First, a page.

Cynthia O. had just begun her second trimester of the physician assistant master’s program at West Coast University-Texas when she told her professor and classmates the story of how she saved a life over school break.
One day, Cynthia and her best friend decided to take a walk through a local park. They soon noticed a man lying unconscious in a pool of blood while bystanders called out his name in panic. Without hesitating, Cynthia ran to help.
“I noticed no one knew what to do, so then I dropped down to help because I had my basic life support certification,” she said. “I checked his pulse and didn’t feel anything, then I started going in with chest compressions and performed CPR. When I was doing chest compressions, I noticed he began gasping.”
Cynthia also called 911 for help, and once the EMT arrived, they commended her on her quick response. For Cynthia, this was the moment she knew she was in the right field.
A Passion Sparked by Personal Trial
Cynthia has always been passionate about working in healthcare, and her passion grew after losing her mother to health complications prior to coming to West Coast University.
“When I would ask a healthcare worker about my mom, they’d tell me one thing, but her illness was something completely different. What happened to her made me realize that I don’t want this to happen to anyone else,” she shared. “I want to be able to be that person that saves lives.”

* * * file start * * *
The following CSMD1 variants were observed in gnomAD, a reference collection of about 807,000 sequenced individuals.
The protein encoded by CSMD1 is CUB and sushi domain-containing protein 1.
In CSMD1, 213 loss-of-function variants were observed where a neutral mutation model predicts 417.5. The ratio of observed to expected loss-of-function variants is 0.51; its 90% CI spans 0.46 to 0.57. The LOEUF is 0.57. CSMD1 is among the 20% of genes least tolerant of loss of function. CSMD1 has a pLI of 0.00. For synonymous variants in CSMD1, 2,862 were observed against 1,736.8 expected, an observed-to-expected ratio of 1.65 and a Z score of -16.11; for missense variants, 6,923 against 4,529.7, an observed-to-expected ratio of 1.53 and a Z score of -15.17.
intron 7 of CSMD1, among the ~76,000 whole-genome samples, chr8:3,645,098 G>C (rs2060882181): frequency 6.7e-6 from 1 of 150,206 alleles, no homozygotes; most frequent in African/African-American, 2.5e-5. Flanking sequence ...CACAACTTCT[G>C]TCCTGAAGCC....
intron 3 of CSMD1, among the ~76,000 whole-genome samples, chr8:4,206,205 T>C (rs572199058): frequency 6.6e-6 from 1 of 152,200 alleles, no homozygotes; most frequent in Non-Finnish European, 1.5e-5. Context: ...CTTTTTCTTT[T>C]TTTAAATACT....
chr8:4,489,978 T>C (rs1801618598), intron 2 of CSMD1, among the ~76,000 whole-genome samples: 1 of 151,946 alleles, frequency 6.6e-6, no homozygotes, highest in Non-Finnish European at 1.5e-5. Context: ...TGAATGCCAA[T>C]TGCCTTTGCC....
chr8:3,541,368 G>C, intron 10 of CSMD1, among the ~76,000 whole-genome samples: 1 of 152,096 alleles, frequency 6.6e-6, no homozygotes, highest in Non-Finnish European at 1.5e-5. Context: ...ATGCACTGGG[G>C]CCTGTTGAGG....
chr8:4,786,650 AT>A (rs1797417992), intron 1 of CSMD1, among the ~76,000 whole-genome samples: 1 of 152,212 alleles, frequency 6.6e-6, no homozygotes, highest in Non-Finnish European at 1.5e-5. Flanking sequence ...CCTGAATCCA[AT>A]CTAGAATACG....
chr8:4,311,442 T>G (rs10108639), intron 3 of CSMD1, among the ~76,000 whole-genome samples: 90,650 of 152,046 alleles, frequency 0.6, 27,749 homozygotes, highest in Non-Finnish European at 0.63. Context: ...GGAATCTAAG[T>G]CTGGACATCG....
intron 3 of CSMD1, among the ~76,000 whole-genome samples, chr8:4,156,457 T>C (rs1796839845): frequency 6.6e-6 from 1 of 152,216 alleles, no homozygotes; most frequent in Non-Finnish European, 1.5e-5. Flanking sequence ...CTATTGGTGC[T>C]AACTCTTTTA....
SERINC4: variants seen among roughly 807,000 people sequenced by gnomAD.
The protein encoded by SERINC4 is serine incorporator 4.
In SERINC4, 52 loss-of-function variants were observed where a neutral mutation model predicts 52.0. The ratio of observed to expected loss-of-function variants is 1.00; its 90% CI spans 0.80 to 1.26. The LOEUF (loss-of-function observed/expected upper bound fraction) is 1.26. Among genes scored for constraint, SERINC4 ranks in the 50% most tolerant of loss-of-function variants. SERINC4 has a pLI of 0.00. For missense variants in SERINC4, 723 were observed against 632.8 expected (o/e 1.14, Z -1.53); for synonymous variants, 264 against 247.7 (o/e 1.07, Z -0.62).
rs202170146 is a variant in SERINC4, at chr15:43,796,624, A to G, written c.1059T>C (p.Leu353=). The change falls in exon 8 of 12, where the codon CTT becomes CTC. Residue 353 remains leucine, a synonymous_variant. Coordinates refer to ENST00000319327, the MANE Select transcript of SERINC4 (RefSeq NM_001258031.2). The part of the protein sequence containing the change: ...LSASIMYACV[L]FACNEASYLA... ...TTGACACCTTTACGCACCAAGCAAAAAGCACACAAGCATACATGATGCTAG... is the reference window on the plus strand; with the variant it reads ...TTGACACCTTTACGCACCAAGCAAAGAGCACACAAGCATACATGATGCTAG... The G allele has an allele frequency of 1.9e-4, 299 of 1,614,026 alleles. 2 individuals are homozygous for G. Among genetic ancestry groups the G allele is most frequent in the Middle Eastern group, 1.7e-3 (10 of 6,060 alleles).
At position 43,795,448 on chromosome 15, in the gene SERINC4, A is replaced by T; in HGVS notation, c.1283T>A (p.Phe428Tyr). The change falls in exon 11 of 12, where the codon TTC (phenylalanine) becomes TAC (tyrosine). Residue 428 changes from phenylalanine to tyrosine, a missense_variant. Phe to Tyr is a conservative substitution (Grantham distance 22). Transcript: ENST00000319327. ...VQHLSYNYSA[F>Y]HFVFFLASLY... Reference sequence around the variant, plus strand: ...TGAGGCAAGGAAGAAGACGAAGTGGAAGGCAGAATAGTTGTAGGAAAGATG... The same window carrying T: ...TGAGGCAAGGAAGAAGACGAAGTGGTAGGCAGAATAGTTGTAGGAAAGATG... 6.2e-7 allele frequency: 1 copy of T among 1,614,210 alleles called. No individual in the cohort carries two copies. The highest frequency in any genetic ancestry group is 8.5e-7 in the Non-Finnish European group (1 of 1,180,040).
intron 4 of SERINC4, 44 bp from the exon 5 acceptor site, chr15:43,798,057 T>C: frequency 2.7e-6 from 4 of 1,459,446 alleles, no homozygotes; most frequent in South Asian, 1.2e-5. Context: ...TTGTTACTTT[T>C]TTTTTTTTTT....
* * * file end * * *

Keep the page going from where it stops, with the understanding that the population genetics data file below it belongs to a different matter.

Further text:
That day in the park, Cythia saved a life. She was later informed that the man she helped was in good health and back to work.
“I wish I was there for my mom. If I knew the things I know now, I would’ve noticed her signs and symptoms,” Cynthia shared. “I told myself, although you couldn’t do much about her situation, you are here now. The experience in the park was like a reassurance.”
As part of the first cohort of MPA students at WCU-Texas, Cynthia’s advice to the next group is: “You’re smarter than you think. Stay true to yourself, and embrace your struggles because they’ll soon be testimonies. “
“It’s easier said than done in the moment,” Cynthia said. “But you’ll look back and be like, ‘I went through all that, but I’m here now.’”
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